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Local TV's Best Friend? The Kochs

Justin Fox is a Bloomberg View columnist. He was the editorial director of Harvard Business Review and wrote for Time, Fortune and American Banker. He is the author of “The Myth of the Rational Market.”
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The Koch brothers are planning to spend $889 million on the 2016 political campaign. There are those who see this as a terrible subversion of democracy. There are others, among them Bloomberg View’s Jonathan Bernstein, who see it as a big waste of Charles and David Koch’s money.

Then there are the owners of local television stations, who can be forgiven if they see the partisan zeal of the Kochs and other politically engaged billionaires as a great gift from heaven, or at least from the U.S. Supreme Court. That’s because, despite the rise of new digital organizing techniques and the persistence of old-style phone banks and door-to-door efforts, political spending in this country mainly means one thing -- buying airtime on local TV.

Political ad spending on local TV hit a record $3.1 billion in 2012, according to the trade association TVB, more than double the amount spent in 2008. Spending during the 2014 midterms likely fell well short of that, but still was enough to markedly lift results at big owners of local stations.

At Gannett, which has 46 stations, political TV advertising brought in $92.4 million in the fourth quarter, helping drive a 117 percent gain in broadcast revenue. Sinclair, which has the most local stations of any company -- 167 in 79 different media markets -- reported political ad revenue of $80.3 million for the fourth quarter, or 14 percent of net broadcast revenue. Some of that political spending just crowded out other ads, but Sinclair executives estimated that 75 percent to 80 percent was “accretive” -- meaning, basically, that it’s gravy. Here’s the long view on Sinclair’s political ad revenue (these gains are driven in part by acquisitions, but political ads also represent a bigger share of overall ad revenue than they used to):

Other local-TV powers such as Media General, Tribune Media, Gray Televison and Nexstar Broadcasting will be reporting results in the next few weeks that are sure to show similar boosts from politics. And the 2016 elections, with spending on the presidential race alone estimated to surpass $5 billion, will almost certainly be a bonanza for local TV.

This is happening in a broader ad climate that hasn’t been great for local media:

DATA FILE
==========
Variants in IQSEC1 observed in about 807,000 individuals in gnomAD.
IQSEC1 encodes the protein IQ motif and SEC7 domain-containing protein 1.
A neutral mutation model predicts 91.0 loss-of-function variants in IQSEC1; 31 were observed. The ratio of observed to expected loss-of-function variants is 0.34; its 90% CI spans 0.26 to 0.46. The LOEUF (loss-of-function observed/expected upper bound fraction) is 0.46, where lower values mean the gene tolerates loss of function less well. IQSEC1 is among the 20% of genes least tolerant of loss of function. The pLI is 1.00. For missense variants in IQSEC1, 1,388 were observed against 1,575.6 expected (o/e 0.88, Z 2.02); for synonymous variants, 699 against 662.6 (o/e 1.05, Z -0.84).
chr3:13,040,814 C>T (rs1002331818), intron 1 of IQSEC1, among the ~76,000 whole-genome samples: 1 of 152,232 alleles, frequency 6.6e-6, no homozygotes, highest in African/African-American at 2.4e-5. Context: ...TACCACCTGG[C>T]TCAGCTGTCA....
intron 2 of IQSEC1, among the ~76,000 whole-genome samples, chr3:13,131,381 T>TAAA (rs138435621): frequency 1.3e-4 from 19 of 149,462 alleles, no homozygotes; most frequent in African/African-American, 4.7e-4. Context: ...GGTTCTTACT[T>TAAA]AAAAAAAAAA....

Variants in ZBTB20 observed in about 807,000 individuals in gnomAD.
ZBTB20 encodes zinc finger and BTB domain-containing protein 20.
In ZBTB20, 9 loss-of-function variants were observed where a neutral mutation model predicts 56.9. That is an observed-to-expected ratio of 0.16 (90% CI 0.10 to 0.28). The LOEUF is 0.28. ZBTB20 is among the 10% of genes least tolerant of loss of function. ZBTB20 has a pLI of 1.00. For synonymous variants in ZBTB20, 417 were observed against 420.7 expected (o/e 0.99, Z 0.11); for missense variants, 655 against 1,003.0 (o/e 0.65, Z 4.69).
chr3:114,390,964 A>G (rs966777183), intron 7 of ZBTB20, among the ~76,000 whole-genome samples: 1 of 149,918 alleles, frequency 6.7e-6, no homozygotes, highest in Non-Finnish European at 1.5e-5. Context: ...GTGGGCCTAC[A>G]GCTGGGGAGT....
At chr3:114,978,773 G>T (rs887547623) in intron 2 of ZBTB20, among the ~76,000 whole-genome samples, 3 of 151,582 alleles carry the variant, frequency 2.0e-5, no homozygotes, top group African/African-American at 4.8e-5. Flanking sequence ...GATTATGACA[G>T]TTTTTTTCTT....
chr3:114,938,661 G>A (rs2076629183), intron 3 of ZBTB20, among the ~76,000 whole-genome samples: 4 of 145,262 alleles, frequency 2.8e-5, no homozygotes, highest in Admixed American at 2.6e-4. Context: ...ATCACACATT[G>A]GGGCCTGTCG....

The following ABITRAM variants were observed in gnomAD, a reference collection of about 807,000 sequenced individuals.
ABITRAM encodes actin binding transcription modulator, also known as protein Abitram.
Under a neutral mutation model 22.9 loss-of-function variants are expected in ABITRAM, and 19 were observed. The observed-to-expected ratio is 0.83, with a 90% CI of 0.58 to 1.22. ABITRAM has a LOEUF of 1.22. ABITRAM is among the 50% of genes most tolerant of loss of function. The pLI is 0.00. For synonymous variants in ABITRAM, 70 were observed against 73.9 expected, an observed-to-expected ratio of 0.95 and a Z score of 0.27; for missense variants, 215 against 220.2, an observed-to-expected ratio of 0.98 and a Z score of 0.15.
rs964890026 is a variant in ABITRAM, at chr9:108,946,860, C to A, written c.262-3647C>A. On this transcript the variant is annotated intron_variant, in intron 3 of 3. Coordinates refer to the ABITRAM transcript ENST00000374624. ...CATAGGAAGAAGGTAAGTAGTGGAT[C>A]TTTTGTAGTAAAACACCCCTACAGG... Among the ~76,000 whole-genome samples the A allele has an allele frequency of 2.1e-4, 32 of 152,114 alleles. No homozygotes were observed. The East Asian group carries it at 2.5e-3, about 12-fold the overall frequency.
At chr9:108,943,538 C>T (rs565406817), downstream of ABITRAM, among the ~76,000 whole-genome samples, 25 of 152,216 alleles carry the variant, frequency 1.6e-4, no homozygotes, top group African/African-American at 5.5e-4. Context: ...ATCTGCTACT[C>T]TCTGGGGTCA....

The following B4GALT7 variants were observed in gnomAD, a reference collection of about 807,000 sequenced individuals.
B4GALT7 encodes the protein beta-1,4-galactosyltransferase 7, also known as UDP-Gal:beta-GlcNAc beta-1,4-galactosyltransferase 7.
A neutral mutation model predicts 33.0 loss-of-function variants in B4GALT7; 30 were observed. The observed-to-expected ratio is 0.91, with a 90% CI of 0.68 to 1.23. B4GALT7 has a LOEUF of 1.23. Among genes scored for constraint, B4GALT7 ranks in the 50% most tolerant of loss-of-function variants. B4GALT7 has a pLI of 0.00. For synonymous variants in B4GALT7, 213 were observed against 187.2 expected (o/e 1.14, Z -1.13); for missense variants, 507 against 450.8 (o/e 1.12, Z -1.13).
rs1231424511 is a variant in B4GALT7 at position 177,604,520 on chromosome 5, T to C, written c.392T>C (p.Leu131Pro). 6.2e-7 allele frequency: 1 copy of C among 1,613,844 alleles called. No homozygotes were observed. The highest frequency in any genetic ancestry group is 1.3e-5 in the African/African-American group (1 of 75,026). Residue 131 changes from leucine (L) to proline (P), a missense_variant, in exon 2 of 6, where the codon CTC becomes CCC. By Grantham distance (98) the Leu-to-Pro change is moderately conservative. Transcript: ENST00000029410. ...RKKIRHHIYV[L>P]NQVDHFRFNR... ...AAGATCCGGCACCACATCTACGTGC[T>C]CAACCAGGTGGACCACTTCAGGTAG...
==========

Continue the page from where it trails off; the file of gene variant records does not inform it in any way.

Newspaper ad revenue has been hit the hardest, of course, and almost nobody buys political ads in newspapers nowadays. Local TV has done better for a variety of reasons, not just because of political ads. In a generally weak advertising environment, though, the spending boom led by the Koch brothers and enabled by a series of court rulings has helped a lot.

When you consider that, in lots of countries, political airtime is something that broadcasters have to provide for free, this really is a remarkable situation. It would be lovely if local TV stations used this money to improve their news operations and do a better job of covering elections, and there are actually some small signs that this is happening. TV news departments saw budget increases in 2014 for the first time since 2007; Sinclair executives said in their earnings conference call this week that they plan to spend $40 million improving news and sports offerings in 2015. But in general, local TV news operations don’t amount to much. The big news-gatherers have always been the newspapers. And while several of the biggest TV-station owners got their start as newspaper companies, they’ve been spinning off print to focus on TV (Media General did this in 2012, Tribune last year, and Gannett will soon).

The money seems to be going instead into acquisitions (the Pew Research Center has been doing interesting work on the link between political spending and TV consolidation) and payouts to shareholders (Sinclair spent $194 million on buybacks and dividends in 2014). Those shareholders, in turn, should be thanking the Koch brothers.

This column does not necessarily reflect the opinion of Bloomberg View's editorial board or Bloomberg LP, its owners and investors.

To contact the author on this story:
Justin Fox at

To contact the editor on this story:
James Greiff at